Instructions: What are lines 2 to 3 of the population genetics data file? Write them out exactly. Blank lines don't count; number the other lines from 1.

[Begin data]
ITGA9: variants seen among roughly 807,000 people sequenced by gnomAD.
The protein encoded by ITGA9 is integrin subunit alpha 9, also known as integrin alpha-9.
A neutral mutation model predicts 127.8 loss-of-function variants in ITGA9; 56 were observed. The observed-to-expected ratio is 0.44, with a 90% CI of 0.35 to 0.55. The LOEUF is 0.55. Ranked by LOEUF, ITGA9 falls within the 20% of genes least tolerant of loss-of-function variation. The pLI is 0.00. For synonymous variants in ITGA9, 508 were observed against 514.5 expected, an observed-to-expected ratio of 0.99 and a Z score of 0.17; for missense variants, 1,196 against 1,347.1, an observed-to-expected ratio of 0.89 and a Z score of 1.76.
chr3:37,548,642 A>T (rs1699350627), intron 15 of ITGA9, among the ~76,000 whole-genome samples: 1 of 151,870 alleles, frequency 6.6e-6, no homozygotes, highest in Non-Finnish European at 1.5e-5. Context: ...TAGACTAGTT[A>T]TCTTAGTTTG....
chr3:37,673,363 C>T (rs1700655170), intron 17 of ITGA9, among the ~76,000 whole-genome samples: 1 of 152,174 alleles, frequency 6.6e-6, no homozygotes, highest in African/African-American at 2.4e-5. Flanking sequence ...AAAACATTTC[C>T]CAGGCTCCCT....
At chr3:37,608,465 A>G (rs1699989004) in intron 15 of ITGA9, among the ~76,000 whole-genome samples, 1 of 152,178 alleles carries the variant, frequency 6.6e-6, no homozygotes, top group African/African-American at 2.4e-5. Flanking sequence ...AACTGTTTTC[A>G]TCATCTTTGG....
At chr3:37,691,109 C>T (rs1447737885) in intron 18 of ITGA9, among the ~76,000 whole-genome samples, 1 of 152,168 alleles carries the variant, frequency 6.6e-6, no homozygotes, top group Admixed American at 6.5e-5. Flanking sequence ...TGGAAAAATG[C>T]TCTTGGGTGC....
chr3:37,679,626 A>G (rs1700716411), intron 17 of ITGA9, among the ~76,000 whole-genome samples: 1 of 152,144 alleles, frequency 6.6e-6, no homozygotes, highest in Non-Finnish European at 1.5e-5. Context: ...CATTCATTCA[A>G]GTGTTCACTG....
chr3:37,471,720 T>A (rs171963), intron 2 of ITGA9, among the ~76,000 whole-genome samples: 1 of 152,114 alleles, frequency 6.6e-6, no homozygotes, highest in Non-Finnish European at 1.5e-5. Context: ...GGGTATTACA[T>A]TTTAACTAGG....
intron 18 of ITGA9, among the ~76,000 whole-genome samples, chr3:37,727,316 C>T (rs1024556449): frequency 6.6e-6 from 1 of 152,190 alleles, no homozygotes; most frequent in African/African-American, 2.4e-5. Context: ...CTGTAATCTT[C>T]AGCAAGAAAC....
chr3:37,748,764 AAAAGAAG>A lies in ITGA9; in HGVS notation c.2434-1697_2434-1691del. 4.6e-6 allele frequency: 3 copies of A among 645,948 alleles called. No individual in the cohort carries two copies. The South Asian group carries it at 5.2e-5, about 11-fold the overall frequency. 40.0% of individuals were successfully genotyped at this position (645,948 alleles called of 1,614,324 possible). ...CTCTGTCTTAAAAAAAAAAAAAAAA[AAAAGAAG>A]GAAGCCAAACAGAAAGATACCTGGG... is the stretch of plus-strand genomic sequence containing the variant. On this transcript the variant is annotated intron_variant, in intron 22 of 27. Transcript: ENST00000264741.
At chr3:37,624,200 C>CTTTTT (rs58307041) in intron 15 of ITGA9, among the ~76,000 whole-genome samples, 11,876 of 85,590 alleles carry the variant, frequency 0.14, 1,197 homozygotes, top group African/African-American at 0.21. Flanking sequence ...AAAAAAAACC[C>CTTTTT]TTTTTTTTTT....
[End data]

The protein encoded by ITGA9 is integrin subunit alpha 9, also known as integrin alpha-9.
A neutral mutation model predicts 127.8 loss-of-function variants in ITGA9; 56 were observed. The observed-to-expected ratio is 0.44, with a 90% CI of 0.35 to 0.55. The LOEUF is 0.55. Ranked by LOEUF, ITGA9 falls within the 20% of genes least tolerant of loss-of-function variation. The pLI is 0.00. For synonymous variants in ITGA9, 508 were observed against 514.5 expected, an observed-to-expected ratio of 0.99 and a Z score of 0.17; for missense variants, 1,196 against 1,347.1, an observed-to-expected ratio of 0.89 and a Z score of 1.76.